Jennifer England was waiting to board her flight back home to Pittsburgh when she started to feel sick: a sore throat, a cough, body aches, fever.
The 51-year-old had been in Los Angeles for five days for work. Even though thousands of domestic and international travelers pass through LAX each day, England didn’t immediately think she’d caught coronavirus.
“I’m not an alarmist, I’m not a chicken little, especially regarding this sort of thing,” she said. “I was totally nonchalant about flying to L.A., I was actually totally nonchalant about being sick.”
After a couple more days, England went to the doctor; when she saw how staff there reacted, she became concerned.
“The response in the office was very much it’s COVID-19 until it’s not,” she said. “Everybody in … the office masked up, they wouldn’t let anybody else back into the area that I was in … they escorted me out through the back door.”
England said she might never know if she has COVID-19, because she wasn’t tested. She said her doctor’s office, which is affiliated with UPMC, had no way to do a test. Despite this, England’s physician told her to self-quarantine at her home in Morningside for two weeks from the date of her symptoms.
The United States’ capacity to test people for COVID-19 is greatly diminished compared to other countries, said Dr. Amesh Adalja, an infectious disease expert with Johns Hopkins University.
“As a country, we’re doing horribly at testing,” he said. “When you look at what South Korea can do in a day compared to what we’ve done since the beginning of this outbreak, it’s really embarrassing.”
In South Korea, nearly 20,000 people are tested for the virus daily. In contrast, the Centers for Disease Control and Prevention report that about 11,000 people have been tested in the U.S. since mid-January.
Part of the challenge for Pennsylvania health systems, said Adalja, is that the state has followed the CDC guidelines for testing, which means that medical staff who do the tests have to wear certain protective gear.
“That makes it difficult for an office to be able to collect those specimens and not then ... expose their staff and then have their staff quarantined because of that,” he said.
The CDC has since loosened those requirements a bit, but a bigger issue is the availability of the test kits themselves. There has been a shortage of kits in the U.S., and until recently, specimens had to be sent out to labs run either by the state health department or the CDC. Now commercial labs, including Quest and LabCorp, have come online, but that still means that specimens collected at doctor’s offices and emergency rooms have to be sent out for analysis, which can create a backlog.
UPMC said it’s developing an in-house test, but wouldn’t say whether primary care providers have the ability to collect specimens for testing at their own discretion. Instead, a spokesperson said that clinicians can call a hotline and talk with UPMC’s infection prevention team.
“If testing is warranted, it will be accommodated,” the spokesperson wrote in an e-mail. But UPMC declined to share the guidelines they’re using to decide who should be tested.
Kristin Wessell’s 53-year-old husband is self-quarantined at their home in Mt. Lebanon. Wessell said he began experiencing COVID-like symptoms late last week and went to his primary care provider, which is part of Allegheny Health Network.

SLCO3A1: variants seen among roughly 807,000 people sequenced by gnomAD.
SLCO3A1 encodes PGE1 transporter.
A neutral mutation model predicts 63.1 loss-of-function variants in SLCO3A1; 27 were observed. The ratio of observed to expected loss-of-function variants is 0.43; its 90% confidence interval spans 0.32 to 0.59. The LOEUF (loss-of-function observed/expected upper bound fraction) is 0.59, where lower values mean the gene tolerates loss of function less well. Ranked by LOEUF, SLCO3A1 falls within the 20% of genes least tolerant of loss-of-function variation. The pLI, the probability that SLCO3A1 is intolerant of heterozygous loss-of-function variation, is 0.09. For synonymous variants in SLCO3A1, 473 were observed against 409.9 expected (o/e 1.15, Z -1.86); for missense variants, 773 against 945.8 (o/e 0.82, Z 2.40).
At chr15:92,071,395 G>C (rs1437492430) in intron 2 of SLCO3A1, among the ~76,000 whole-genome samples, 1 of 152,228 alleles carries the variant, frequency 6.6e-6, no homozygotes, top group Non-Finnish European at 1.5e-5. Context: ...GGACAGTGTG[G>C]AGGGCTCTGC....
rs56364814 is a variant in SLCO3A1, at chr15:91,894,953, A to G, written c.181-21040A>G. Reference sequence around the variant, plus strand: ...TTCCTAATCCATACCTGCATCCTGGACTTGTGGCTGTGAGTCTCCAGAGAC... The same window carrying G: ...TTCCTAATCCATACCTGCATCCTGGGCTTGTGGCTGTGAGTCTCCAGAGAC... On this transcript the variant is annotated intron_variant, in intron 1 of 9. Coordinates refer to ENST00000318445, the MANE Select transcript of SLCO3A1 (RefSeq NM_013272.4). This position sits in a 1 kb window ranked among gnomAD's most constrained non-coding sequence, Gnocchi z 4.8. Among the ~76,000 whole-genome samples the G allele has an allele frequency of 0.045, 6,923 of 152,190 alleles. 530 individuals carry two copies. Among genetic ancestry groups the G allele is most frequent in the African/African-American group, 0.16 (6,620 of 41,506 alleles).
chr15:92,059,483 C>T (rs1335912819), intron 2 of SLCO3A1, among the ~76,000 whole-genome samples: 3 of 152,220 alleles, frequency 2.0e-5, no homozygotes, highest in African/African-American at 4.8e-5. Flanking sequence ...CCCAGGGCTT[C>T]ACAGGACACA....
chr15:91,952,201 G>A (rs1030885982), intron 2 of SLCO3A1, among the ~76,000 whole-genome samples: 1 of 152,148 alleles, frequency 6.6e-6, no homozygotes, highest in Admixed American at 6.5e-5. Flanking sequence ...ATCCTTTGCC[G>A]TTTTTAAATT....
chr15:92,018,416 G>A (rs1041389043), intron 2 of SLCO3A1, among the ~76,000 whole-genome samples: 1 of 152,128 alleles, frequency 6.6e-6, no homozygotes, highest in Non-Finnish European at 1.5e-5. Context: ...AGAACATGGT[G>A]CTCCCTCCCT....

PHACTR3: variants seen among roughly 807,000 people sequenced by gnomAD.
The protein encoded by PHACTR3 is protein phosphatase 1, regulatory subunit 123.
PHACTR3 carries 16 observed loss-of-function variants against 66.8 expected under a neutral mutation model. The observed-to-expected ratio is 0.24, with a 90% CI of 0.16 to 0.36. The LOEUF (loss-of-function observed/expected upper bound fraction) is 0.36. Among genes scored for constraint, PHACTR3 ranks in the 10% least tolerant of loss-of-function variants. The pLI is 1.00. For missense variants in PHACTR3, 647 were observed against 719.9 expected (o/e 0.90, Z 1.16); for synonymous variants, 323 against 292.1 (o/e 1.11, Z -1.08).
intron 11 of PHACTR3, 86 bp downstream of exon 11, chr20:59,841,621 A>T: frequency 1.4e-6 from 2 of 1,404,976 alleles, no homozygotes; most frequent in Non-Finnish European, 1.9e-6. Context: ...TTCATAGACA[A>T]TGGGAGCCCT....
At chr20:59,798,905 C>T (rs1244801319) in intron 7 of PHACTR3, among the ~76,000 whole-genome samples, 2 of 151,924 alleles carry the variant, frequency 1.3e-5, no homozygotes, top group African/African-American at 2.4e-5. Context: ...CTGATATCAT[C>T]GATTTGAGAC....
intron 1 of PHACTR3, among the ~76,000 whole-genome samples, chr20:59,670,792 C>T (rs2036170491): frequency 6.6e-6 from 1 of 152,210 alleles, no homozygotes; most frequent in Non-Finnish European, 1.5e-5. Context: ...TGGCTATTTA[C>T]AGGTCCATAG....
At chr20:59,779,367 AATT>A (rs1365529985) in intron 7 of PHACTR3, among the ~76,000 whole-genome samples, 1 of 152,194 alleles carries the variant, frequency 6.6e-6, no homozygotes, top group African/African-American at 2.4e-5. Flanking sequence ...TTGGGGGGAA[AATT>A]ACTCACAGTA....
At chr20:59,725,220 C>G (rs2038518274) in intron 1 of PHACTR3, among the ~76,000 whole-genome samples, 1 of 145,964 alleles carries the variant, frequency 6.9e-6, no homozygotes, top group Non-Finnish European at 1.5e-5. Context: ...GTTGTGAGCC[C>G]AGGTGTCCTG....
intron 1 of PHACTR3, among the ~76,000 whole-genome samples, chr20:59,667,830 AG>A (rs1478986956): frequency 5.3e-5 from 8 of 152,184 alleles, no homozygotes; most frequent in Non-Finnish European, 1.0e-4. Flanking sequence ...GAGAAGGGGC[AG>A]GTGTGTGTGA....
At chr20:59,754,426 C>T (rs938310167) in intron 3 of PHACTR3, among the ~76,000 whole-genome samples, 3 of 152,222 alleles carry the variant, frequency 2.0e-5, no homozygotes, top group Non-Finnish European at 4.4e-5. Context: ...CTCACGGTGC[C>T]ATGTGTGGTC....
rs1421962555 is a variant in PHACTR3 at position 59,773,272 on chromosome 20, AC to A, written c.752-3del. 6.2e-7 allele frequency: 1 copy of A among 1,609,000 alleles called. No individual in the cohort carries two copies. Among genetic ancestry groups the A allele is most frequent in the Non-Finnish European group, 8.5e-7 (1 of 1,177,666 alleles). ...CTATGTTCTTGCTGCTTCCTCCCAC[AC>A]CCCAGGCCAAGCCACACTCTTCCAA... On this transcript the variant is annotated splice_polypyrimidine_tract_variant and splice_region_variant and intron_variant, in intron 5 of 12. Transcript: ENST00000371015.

“The physician’s assistant who examined [him] said, ‘Your symptoms concern me how quickly they came on, your flu test came back negative,” she said.
Wessell said her husband had recently attended a statewide conference and takes public transit every day, so the clinician was concerned about his possibility of exposure to the virus and wanted him to be tested.
“But … I don’t know how to go about doing that,” Wessell recalled the physician’s assistant saying.
Eventually, Wessell’s husband was instructed to go to the nearest emergency room to be tested. At St. Clair hospital, a physician examined him again and determined that he should not be tested, because he hadn’t traveled to one of the regions of the world where cases have become widespread.
St. Clair declined to share their guidance about who to test and why, and AHN didn’t respond to a request for comment.
There are legitimate reasons why providers don’t want people with mild flu and cold like symptoms to show up at doctors' offices and emergency rooms demanding to be tested, said Amesh Adalja. That could further spread the virus and overwhelm our health systems. But in the end, he said, the more data we can collect, the better we can understand and respond to the pandemic.
“A lot of fear, a lot of panic is based on a case fatality ratio that some people think is 3 percent, which is likely not true,” he said. “There may be what’s called the severity bias in the data, in that only the severe cases [are] getting tested; that’s going to give you a different picture of the outbreak [than if] you’re testing mild cases.”
At a press conference Thursday evening, county epidemiologist Kristen Mertz said testing capacity is expected to ramp up next week. Still, testing by the county will likely be focused on people who have traveled to specific areas of the world.
“In the future, if we start getting cases and it becomes widespread in Allegheny County, we’ll start testing people who haven’t traveled,” she said.
AHN and UPMC both participated in the press conference; neither shared their specific testing protocols, but expressed confidence that they’re prepared to manage cases of the infection if and when it hits Allegheny County.